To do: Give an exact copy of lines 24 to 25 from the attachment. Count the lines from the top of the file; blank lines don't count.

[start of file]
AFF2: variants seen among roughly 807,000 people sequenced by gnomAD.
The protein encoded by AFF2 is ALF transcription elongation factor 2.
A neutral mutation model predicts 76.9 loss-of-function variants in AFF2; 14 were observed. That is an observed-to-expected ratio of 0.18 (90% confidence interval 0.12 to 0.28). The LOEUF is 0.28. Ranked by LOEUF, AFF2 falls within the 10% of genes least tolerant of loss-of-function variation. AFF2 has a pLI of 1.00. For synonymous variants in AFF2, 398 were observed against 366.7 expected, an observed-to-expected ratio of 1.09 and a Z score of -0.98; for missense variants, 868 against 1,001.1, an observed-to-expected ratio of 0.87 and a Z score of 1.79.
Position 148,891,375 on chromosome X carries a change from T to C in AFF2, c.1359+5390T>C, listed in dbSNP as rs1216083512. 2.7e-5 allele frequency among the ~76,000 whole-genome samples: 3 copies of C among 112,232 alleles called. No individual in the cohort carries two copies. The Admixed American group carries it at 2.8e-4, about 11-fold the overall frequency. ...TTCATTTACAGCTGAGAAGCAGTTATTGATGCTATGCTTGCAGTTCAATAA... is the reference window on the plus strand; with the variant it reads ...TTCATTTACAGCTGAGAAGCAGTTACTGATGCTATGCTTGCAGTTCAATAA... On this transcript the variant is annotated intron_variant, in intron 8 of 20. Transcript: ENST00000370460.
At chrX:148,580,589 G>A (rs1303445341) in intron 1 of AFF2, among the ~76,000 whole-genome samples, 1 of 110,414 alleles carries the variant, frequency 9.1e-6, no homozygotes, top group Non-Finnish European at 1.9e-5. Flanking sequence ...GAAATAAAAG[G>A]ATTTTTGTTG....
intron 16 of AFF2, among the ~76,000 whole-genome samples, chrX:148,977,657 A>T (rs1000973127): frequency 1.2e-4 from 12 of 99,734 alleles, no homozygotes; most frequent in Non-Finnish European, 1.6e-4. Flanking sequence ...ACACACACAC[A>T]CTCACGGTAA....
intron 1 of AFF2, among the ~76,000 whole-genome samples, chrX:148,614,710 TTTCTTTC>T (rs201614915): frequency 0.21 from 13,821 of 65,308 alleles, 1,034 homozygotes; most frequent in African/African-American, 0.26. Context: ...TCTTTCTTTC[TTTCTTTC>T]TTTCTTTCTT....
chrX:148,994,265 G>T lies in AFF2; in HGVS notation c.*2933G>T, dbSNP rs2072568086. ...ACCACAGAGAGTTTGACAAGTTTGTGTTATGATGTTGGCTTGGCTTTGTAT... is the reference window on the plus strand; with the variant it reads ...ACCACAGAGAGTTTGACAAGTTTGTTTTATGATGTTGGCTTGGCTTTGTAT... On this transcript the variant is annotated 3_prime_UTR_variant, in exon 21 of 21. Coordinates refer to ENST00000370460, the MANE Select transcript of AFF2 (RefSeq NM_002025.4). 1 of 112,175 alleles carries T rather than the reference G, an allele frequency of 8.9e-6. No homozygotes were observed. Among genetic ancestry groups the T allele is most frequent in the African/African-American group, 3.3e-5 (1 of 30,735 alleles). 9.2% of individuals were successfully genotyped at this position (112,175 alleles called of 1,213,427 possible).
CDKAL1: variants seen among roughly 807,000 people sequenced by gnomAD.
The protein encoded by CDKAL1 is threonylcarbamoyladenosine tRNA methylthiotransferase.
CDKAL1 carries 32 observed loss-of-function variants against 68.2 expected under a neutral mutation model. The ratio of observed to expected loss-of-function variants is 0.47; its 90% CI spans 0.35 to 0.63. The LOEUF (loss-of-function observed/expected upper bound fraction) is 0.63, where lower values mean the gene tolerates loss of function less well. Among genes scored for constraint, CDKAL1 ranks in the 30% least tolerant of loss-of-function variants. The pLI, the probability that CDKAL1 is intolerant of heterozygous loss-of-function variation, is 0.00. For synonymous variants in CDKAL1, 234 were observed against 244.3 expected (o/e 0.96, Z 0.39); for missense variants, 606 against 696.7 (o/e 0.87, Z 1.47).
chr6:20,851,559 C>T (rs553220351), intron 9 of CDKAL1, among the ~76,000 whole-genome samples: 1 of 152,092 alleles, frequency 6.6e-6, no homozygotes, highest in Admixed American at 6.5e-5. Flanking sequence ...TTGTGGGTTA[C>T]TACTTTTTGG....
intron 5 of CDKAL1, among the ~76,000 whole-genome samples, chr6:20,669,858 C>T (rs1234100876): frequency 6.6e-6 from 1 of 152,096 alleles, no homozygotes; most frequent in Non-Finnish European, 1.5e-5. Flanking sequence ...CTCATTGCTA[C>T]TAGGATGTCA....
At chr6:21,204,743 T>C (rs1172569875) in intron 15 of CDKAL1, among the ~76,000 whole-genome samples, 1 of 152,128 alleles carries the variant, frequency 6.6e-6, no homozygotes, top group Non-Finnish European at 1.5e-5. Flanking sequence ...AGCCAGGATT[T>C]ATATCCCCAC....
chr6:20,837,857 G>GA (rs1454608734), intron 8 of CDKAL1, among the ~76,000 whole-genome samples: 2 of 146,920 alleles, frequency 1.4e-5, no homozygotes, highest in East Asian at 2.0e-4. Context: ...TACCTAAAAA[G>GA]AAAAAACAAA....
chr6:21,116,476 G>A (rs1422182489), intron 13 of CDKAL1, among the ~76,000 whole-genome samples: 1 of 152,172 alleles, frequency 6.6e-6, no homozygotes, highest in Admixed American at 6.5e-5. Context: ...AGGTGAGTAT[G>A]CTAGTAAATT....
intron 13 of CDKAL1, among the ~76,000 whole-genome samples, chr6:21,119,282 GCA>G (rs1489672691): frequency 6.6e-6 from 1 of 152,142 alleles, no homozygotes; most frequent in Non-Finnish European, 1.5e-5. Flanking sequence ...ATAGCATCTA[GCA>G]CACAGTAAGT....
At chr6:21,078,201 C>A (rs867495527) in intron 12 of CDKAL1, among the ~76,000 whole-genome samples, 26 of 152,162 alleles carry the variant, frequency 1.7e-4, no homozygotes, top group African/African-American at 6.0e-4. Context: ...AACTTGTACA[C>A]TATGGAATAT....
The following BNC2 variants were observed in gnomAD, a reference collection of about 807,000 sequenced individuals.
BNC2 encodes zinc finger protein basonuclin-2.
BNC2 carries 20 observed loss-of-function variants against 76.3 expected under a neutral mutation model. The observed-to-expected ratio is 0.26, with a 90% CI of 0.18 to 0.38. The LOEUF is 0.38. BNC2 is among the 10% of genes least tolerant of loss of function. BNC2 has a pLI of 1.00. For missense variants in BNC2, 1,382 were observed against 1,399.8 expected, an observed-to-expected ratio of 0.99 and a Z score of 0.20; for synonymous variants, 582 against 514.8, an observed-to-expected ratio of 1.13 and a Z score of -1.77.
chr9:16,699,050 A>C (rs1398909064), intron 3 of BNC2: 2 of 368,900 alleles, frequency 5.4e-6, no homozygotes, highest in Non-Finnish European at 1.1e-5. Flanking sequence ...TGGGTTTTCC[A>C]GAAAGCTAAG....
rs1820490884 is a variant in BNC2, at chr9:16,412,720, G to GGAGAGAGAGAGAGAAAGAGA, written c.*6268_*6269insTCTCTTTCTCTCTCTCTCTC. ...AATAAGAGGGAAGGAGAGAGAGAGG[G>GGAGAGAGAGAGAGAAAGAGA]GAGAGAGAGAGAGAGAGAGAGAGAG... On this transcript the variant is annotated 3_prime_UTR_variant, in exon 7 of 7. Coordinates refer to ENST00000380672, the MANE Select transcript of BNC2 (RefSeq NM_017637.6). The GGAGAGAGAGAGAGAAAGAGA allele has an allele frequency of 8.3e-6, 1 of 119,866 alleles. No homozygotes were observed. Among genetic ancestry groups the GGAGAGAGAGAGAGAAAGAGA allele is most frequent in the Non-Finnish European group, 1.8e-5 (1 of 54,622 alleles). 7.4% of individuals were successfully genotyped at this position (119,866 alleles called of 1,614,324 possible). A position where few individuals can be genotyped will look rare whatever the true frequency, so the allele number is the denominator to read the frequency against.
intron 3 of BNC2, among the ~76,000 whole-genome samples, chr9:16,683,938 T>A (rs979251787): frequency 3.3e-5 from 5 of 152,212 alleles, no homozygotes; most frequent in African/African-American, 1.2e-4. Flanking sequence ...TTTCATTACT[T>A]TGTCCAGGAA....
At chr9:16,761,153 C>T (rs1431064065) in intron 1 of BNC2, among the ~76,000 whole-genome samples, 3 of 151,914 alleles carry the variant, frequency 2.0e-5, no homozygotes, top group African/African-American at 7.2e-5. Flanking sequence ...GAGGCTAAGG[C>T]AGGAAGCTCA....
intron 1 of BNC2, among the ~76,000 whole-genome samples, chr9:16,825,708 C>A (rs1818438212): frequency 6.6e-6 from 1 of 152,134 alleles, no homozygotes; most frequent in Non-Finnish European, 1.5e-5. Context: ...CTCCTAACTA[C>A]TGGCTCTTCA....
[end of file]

intron 3 of BNC2, among the ~76,000 whole-genome samples, chr9:16,683,938 T>A (rs979251787): frequency 3.3e-5 from 5 of 152,212 alleles, no homozygotes; most frequent in African/African-American, 1.2e-4. Flanking sequence ...TTTCATTACT[T>A]TGTCCAGGAA....
At chr9:16,761,153 C>T (rs1431064065) in intron 1 of BNC2, among the ~76,000 whole-genome samples, 3 of 151,914 alleles carry the variant, frequency 2.0e-5, no homozygotes, top group African/African-American at 7.2e-5. Flanking sequence ...GAGGCTAAGG[C>T]AGGAAGCTCA....